Mon, Jul 09, 2012 - Page 1 News List

Long road to go before casino: minister

LACK OF EVERYTHING:The minister of the interior said there was not enough water, fuel or power in Matsu for an influx of tourists, and the police forces were understaffed as well

By Loa Iok-sin  /  Staff reporter

Plans show what Da-aoshan on Beigan Island in the Matsu archipelago may look like after a planned casino is built there.

Photo: Chang Chia-ming, Taipei Times

Although Matsu residents have voted in a referendum to allow the construction of a casino in their island county, Minister of the Interior Lee Hong-yuan (李鴻源) said that there was still a long way to go before the first casino resort could be opened in Matsu, because neither the local nor the central government is ready for it.

In a referendum on Saturday, Matsu residents voted 1,795 to 1,341 in favor of approving construction of a casino resort.

Lee yesterday said that Matsu’s road to opening a casino resort was filled with obstacles, despite Weidner Resorts Taiwan’s promises.

“Both central and local governments are not ready for it,” he said. “For example, water is scarce. It may be sufficient for the thousands of residents now, but where would the extra water come from when tens of thousands of visitors come to Matsu?”

Besides water shortages, Lee said that Matsu also suffers from shortages of fuel and electricity, as well as a lack of good transportation infrastructure.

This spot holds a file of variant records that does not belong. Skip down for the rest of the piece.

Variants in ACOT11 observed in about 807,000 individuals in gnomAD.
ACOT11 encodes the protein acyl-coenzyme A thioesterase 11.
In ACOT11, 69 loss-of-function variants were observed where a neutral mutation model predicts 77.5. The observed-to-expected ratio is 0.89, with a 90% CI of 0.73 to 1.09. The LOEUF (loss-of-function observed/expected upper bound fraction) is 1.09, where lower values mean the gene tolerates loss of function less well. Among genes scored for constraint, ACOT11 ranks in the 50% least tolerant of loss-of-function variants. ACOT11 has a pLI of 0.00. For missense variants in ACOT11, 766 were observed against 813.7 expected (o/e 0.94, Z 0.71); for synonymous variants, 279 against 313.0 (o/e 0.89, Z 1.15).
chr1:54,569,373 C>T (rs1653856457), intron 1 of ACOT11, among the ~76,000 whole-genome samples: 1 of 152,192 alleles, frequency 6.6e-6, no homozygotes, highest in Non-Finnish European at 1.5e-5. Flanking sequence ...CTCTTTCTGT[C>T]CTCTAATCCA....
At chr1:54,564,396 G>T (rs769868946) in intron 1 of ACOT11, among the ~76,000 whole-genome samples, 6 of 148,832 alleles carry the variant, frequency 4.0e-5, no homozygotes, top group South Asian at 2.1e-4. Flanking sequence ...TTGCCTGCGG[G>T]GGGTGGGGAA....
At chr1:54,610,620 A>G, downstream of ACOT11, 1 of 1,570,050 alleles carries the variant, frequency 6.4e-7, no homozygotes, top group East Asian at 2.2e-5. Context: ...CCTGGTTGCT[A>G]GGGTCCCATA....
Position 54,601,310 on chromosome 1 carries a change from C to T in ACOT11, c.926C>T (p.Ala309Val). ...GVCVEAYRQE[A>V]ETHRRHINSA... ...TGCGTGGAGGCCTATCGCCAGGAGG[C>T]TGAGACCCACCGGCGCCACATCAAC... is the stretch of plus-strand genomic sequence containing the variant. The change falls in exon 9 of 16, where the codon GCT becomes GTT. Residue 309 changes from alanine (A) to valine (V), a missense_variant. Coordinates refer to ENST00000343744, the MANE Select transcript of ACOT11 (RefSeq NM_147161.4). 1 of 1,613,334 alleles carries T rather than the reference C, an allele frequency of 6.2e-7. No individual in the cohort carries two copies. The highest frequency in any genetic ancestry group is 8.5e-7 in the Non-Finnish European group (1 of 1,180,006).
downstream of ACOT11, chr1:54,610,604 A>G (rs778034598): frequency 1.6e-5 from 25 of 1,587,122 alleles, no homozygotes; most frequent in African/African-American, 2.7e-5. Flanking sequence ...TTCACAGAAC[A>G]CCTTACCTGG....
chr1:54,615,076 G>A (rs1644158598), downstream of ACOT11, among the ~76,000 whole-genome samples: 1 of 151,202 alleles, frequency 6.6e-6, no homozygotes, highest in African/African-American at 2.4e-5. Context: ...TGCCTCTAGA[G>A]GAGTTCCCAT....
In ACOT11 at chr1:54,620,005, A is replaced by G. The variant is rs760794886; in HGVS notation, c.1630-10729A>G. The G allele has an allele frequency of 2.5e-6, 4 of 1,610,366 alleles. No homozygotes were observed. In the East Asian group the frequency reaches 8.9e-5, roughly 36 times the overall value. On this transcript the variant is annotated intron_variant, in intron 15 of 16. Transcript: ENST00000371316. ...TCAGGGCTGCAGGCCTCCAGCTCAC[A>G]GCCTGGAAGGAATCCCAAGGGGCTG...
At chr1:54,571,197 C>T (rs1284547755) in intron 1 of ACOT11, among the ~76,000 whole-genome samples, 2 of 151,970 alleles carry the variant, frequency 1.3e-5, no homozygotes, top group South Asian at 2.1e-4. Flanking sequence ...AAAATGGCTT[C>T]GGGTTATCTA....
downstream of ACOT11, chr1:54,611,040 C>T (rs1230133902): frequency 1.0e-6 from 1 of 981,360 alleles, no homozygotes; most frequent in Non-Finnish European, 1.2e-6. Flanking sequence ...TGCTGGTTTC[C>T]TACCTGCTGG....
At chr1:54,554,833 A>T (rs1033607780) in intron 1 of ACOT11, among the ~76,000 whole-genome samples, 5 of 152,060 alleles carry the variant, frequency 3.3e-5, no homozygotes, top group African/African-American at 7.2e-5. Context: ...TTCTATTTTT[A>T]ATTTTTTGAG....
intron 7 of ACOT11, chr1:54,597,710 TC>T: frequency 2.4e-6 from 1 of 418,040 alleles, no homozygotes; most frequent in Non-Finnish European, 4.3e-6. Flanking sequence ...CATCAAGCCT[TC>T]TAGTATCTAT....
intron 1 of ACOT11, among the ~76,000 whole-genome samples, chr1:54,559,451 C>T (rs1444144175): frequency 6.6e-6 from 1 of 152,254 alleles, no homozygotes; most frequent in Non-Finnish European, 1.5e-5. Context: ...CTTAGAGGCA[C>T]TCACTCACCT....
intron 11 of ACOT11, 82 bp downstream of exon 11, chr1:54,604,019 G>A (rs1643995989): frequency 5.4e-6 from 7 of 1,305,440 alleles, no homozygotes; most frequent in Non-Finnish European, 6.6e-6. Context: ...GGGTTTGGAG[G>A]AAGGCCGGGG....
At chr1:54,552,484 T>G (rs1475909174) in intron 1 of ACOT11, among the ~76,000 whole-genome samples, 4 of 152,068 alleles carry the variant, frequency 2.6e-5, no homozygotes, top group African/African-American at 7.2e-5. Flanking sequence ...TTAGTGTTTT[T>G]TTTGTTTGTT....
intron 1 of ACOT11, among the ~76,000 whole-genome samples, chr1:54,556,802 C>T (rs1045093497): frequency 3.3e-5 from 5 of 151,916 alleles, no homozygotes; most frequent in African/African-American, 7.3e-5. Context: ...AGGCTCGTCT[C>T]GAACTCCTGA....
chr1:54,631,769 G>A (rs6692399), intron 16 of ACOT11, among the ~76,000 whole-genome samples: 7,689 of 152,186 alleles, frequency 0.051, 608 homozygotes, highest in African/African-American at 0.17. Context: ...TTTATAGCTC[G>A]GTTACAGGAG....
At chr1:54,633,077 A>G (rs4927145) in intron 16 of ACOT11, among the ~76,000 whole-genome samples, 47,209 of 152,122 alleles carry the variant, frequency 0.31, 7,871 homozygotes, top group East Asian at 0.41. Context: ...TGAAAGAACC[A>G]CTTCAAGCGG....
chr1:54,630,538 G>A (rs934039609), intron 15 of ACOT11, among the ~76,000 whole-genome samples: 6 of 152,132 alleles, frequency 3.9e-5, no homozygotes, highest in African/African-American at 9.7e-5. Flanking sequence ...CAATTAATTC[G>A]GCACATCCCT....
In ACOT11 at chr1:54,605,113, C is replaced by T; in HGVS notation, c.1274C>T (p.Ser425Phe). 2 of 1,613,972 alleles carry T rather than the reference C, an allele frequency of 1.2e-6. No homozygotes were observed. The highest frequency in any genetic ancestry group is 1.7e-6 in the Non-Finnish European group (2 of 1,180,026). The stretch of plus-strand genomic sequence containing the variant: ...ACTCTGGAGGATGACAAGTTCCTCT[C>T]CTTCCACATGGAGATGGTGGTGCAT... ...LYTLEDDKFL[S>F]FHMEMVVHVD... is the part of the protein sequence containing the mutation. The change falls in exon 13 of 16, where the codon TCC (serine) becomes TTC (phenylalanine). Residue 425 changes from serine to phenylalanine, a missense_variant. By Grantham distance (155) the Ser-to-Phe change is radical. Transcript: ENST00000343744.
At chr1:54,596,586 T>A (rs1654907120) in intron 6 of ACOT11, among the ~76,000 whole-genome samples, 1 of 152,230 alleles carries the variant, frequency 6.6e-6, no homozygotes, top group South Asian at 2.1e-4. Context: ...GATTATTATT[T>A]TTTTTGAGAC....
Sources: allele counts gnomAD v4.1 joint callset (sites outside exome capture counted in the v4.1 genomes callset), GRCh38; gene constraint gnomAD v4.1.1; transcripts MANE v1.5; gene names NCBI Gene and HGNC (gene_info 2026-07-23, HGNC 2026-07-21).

“Of course, resources could be supplied from China due to its proximity, but many parts of Matsu are still restricted military zones, so this may further complicate the issue,” the minister said.

In addition to a shortage of resources, Lee said there was also a shortage of manpower to maintain security when the casino resort opens.

“We already have a serious shortage of manpower in our police force; maintaining security in Matsu when there’s a casino resort could make the situation worse,” Lee said.

“Basically, Matsu is a safe place right now, so local police are not familiar with public security maintenance when there’s a casino, and since Matsu may be the first place in the country with a legal casino, the National Police Agency is not familiar with maintaining security in a casino town either,” Lee added.

Citing the examples of casino resorts in other countries, Lee said there were successes, but also failures.

“In the US, there are casinos in almost all Indian reserve areas, but how many of them see good business? It’s hard to say,” he said.

Lee said an inter-ministerial meeting on the casino issue is scheduled to take place today that representatives from the Ministry of the Interior, the Ministry of Economic Affairs, the Ministry of Transportation and Communications and the Ministry of Justice would attend.

“We’ll see what we can conclude from the meeting,” Lee said. “At the moment, it hasn’t been decided which ministry should be in charge of casinos.”

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